Coquitlam extends meal program to support seniors experiencing isolation, reach more people
'You kind of look forward to the meals coming because you knew you'd have someone to talk to'
As someone who lives alone, 83-year-old Liz Thunstrom says the last couple of years have been extremely difficult.
"The isolation is the hardest part. Not being able to see family or friends, not being able to hug or laugh with somebody," said Thunstrom at her home in Coquitlam, under an hour's drive from Vancouver.
But one of the things that have made a big difference, she says, is the City of Coquitlam's meal program for seniors, where volunteers drop by twice a week to check in and chat while delivering a meal.
"It isn't just the food. It's about the volunteers," said Thunstrom. "You kind of look forward to the meals coming because you knew you'd have someone to talk to, as well as a nice meal."
The meal program began in March 2020 to support seniors experiencing loneliness during the pandemic. This year, the city says it plans to continue running the program — and expand it by partnering with community organizations and support providers to reach more people, including people with disabilities.
"It just took off on its own. We had no idea that it would turn into what it did," said Debbie Clavelle, community recreation manager at the City of Coquitlam.
"Volunteers are coming to us, saying, 'You have to keep this program running.' Some volunteers we spoke to said the program means more to them ... being able to brighten the day of a senior or put a smile on their face, or have a conversation with them at their door."
The meals are prepared by staff at Glen Pine Pavilion and Dogwood Pavilion community centres in Coquitlam. Volunteers pick up the meals and deliver them to seniors on Tuesdays and Fridays every week. More than 30,000 meals have been delivered to seniors to date.
Bill Wray and his wife Lynda have been delivering meals as volunteers since the program began.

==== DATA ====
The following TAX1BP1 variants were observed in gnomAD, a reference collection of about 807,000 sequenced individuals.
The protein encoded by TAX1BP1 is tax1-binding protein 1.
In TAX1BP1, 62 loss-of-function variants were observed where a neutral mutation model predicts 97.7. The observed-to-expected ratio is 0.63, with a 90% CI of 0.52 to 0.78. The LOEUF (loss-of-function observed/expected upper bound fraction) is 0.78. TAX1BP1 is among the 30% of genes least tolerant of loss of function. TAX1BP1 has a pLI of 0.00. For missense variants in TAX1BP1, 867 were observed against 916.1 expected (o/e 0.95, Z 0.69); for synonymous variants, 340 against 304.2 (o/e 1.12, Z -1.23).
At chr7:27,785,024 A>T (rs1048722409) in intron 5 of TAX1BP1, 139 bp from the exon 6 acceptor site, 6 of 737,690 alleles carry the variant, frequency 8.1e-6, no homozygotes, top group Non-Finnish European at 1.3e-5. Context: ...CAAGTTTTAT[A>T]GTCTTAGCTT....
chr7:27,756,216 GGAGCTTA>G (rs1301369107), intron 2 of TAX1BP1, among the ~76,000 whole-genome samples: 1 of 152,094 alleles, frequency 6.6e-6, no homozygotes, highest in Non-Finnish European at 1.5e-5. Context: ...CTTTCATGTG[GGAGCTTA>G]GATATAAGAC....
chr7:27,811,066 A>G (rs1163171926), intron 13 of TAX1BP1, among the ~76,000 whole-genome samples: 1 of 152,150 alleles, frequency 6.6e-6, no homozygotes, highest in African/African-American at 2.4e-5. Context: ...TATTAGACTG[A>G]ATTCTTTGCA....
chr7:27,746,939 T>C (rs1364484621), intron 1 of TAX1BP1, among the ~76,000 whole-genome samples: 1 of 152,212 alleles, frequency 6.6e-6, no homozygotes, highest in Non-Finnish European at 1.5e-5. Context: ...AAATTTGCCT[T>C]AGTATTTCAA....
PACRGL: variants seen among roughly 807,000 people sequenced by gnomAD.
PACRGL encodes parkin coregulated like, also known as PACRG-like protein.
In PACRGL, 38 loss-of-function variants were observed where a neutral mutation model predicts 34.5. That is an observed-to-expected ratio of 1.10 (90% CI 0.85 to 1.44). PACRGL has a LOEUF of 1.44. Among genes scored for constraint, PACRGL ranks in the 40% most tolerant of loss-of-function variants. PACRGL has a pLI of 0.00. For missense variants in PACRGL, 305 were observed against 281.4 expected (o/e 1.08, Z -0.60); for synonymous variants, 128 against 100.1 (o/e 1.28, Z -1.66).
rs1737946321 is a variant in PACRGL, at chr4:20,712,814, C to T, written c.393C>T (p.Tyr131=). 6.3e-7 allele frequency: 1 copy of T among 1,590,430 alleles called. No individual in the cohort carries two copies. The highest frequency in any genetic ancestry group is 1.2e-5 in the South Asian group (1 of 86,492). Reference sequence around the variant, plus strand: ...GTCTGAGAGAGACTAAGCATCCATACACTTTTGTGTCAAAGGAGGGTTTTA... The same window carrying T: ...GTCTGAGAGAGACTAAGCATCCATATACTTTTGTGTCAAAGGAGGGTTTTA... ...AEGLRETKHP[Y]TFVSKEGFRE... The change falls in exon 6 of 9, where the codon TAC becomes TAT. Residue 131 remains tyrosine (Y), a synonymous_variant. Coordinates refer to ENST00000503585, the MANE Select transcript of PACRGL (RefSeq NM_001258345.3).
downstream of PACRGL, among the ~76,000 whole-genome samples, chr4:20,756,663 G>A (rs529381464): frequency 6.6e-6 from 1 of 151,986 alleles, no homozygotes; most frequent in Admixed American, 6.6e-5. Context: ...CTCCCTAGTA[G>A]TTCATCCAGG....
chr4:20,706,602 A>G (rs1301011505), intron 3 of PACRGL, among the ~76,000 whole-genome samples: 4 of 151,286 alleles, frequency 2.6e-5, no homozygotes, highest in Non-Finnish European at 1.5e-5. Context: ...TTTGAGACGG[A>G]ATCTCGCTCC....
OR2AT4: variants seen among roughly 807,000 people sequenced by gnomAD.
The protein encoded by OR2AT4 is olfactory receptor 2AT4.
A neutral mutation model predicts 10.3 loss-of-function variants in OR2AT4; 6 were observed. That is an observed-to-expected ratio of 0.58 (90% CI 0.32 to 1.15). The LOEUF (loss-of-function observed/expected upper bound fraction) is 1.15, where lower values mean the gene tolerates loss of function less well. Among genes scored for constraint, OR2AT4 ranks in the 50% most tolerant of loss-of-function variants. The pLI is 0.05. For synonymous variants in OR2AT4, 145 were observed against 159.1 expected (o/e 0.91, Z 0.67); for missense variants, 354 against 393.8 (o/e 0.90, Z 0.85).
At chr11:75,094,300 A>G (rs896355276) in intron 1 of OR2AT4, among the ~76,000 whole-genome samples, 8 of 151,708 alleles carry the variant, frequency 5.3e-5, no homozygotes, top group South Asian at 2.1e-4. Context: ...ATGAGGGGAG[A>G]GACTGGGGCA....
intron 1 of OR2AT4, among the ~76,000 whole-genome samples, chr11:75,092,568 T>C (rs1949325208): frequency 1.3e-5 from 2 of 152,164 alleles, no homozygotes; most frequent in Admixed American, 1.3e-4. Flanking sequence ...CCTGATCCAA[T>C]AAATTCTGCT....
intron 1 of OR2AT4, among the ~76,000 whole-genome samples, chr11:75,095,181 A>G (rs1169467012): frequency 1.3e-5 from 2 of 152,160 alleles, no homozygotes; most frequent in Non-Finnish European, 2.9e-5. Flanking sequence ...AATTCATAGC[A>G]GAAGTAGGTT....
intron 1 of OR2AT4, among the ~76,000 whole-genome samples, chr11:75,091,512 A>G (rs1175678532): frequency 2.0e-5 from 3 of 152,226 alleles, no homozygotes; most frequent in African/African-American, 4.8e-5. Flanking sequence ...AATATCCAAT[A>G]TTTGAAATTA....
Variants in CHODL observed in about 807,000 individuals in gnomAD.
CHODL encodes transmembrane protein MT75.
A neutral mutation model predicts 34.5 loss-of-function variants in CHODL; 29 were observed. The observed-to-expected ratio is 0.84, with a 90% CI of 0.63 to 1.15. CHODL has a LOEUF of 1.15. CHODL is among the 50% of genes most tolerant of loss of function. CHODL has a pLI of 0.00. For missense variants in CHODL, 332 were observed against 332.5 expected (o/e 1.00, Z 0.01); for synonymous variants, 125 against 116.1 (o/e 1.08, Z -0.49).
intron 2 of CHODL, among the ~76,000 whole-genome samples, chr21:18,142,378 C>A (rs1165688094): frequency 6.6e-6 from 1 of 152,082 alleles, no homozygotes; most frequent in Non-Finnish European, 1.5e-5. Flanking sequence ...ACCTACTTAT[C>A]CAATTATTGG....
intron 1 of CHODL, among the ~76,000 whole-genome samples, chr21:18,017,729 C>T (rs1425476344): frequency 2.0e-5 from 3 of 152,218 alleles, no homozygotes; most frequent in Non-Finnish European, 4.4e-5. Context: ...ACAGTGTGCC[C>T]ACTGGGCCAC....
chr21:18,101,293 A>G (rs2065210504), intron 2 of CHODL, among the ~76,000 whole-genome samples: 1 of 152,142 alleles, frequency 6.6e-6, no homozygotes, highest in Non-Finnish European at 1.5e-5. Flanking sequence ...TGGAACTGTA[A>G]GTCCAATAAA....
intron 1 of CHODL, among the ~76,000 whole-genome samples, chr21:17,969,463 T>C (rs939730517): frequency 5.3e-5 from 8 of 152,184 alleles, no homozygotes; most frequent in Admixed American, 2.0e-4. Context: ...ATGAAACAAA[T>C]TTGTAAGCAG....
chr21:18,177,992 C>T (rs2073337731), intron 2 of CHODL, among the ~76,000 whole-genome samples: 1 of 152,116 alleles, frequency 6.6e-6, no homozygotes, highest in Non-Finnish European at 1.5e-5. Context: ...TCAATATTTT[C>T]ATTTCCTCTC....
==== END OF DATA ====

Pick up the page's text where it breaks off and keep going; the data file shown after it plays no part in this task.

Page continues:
"We got a lot of the seniors that we delivered the meals to, who wanted to talk on their door step," said Bill Wray. "Some of them were quite long chats, some of them were quite short. It really depends on the individual."
"I really enjoy it. Just checking on them, making sure they're feeling okay. It is very lonely for them, especially when they don't have family close by," said Lynda Wray.
Staff at South Vancouver Neighbourhood House are hoping to address a similar need.
"We have about 500 seniors in our membership. They are feeling lonely, and that isolation has gone on for a very long time. We're seeing it more pronounced in their mental health," said Shelley Jorde, director of seniors programs at South Vancouver Neighbourhood House.
Although they have suspended in-person programs, one of the ways they hope to help is through the phone.
"We have volunteers who make friendly phone calls to see if they need anything," said Jorde.
"We knew that it was going to become more challenging as the pandemic went on, as people became less hopeful for the future."
'Somebody cares about me'
Thunstrom says being alone at home has had a significant impact on her mental health, but friendly conversations with volunteers has helped.
"I think the sense of ... somebody cares about me. They may not know me personally but somebody cares about the seniors or the people who can't get out ... that has made a huge difference."
Thunstrom, who has a lung condition, says despite public health restrictions easing, she is still not comfortable attending in-person activities at Dogwood Pavilion.
"It's a tough one because there are even within the senior community, varying opinions and varying levels of comfort," said Clavelle, with the City of Coquitlam.
Clavelle adds the city is continually adapting its programs to meet the needs of seniors, including outdoor fitness classes and online activities.